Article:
Public Health Emergency Preparedness

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In the United States government, the Office of Public Health Emergency Preparedness (or OPHEP) used to be a branch of the U.S. Department of Health and Human Services. It has since been renamed to Office of the Assistant Secretary for Preparedness and Response.

The Office of Public Health Emergency Preparedness, was established in June 2002 at the request of Tommy Thompson. In July 2006, a bill to amend the Public Health Service Act with respect to public health security and all-hazards preparedness and response was introduced. On December 19, 2006 it became public law and OPHEP was officially changed to the Office of the Assistant Secretary for Preparedness and Response.

Its scope of activity includes preparedness for bioterrorism, chemical and nuclear attack, mass evacuation and decontamination. [1] The ASPR the Secretary's principal advisor on matters related to bioterrorism and other public health emergencies, they are responsible for coordinating interagency activities between HHS, other Federal departments, agencies, offices and State and local officials responsible for emergency preparedness and the protection of the civilian population from acts of bioterrorism and other public health emergencies. The ASPR also works closely with global partners to address common threats around the world, enhancing national capacities to detect and respond to such threats, and to learn from each other’s experiences as another step toward national health security for the United States and other countries.[2]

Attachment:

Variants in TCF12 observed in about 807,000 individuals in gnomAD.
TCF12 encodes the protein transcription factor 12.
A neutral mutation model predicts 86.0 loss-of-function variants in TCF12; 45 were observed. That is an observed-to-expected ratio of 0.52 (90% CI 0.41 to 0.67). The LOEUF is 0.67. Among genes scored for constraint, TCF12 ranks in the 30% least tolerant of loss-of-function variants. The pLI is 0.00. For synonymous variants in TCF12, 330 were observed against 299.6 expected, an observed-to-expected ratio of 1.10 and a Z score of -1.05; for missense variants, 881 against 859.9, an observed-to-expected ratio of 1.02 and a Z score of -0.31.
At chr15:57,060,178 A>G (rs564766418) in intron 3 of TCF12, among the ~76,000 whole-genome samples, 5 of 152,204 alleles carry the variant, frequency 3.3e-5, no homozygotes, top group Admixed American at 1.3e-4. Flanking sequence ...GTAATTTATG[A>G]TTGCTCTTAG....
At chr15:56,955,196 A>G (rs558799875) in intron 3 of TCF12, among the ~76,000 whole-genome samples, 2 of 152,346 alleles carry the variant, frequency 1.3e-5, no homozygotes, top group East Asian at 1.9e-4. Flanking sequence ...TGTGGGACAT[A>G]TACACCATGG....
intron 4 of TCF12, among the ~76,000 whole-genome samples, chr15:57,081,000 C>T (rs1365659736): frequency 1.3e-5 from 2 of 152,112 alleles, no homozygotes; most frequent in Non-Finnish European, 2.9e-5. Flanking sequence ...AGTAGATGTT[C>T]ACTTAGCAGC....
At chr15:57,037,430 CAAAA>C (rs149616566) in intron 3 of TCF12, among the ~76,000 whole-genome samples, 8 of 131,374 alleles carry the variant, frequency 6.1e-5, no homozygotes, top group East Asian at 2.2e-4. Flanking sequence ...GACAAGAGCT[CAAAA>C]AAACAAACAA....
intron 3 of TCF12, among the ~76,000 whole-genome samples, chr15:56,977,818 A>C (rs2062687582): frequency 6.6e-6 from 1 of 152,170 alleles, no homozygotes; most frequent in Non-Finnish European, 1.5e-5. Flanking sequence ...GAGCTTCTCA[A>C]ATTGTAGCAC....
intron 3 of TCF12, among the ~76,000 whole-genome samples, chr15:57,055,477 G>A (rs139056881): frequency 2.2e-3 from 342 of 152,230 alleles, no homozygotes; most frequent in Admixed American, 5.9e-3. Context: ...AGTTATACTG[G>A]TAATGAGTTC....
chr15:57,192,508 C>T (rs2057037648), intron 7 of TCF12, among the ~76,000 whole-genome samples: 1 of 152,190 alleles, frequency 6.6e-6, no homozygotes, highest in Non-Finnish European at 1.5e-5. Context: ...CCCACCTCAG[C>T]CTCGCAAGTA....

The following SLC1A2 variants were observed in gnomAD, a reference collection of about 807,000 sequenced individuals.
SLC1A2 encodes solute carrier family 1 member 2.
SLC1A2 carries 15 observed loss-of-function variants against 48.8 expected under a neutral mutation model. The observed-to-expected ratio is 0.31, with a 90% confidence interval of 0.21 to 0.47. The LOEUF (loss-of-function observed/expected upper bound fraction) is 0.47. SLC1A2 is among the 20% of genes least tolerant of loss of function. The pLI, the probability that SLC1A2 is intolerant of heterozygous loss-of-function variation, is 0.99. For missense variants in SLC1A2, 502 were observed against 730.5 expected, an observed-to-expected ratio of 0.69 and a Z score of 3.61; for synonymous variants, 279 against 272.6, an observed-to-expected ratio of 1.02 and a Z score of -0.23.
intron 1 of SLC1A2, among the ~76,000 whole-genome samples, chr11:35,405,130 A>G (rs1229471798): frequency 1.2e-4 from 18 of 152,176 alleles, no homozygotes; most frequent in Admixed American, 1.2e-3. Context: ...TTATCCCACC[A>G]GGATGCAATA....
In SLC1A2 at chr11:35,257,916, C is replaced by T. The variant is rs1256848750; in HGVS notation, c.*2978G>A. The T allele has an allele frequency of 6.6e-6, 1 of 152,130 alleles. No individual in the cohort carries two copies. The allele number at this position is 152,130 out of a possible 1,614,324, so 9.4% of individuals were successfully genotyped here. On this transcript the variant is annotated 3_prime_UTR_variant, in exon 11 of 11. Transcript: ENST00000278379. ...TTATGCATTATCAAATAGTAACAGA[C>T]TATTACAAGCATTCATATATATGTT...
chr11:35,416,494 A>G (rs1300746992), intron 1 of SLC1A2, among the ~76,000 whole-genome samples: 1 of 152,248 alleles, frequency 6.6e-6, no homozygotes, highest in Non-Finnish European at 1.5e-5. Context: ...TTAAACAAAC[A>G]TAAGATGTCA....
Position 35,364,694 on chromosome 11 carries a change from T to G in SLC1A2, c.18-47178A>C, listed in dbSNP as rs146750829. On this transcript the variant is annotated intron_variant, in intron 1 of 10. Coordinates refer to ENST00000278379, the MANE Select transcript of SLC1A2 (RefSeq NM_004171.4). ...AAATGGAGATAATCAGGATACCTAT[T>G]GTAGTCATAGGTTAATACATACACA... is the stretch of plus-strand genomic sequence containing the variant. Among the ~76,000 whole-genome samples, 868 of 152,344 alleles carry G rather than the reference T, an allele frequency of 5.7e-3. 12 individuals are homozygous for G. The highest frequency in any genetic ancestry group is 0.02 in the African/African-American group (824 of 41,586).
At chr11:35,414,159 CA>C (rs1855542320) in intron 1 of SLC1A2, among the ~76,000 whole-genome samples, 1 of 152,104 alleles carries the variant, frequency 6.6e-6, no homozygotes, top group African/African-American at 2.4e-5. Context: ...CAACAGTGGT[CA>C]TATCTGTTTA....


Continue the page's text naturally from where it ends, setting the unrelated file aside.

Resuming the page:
The first head of OPHEP was Donald Henderson, credited with having previously eradicated Smallpox. Soon Jerry Hauer, a veteran public health expert, took over as director, with Henderson taking a different role in the department. Hauer was removed from the job primarily for conflicts he had with Scooter Libby over whether the risks of smallpox vaccination were worth the benefit. Hauer charged that the Office of the Vice President was pushing for the universal vaccination despite the vaccine's health risks, primarily exaggerate the risk of biological terrorism.

RADM W. Craig Vanderwagen, M.D., was sworn into office on March 27, 2007 as the first Assistant Secretary for Preparedness and Response and recently retired.

RADM Nicole Lurie, MD, MSPH served as the ASPR until January 20, 2017. Dr. George Korch currently serves as the Acting Assistant Secretary for Preparedness and Response at the U.S. Department of Health and Human Services

The United States National Response Framework (NRF) is part of the National Strategy for Homeland Security that presents the guiding principles enabling all levels of domestic response partners to prepare for and provide a unified national response to disasters and emergencies. Building on the existing National Incident Management System (NIMS) as well as Incident Command System (ICS) standardization, the NRF's coordinating structures are always in effect for implementation at any level and at any time for local, state, and national emergency or disaster response.


  1. ^ "Health Care: Public Health Emergency Preparedness".
  2. ^ "International Preparedness and Response". 2018-10-18. Retrieved 2019-06-10.

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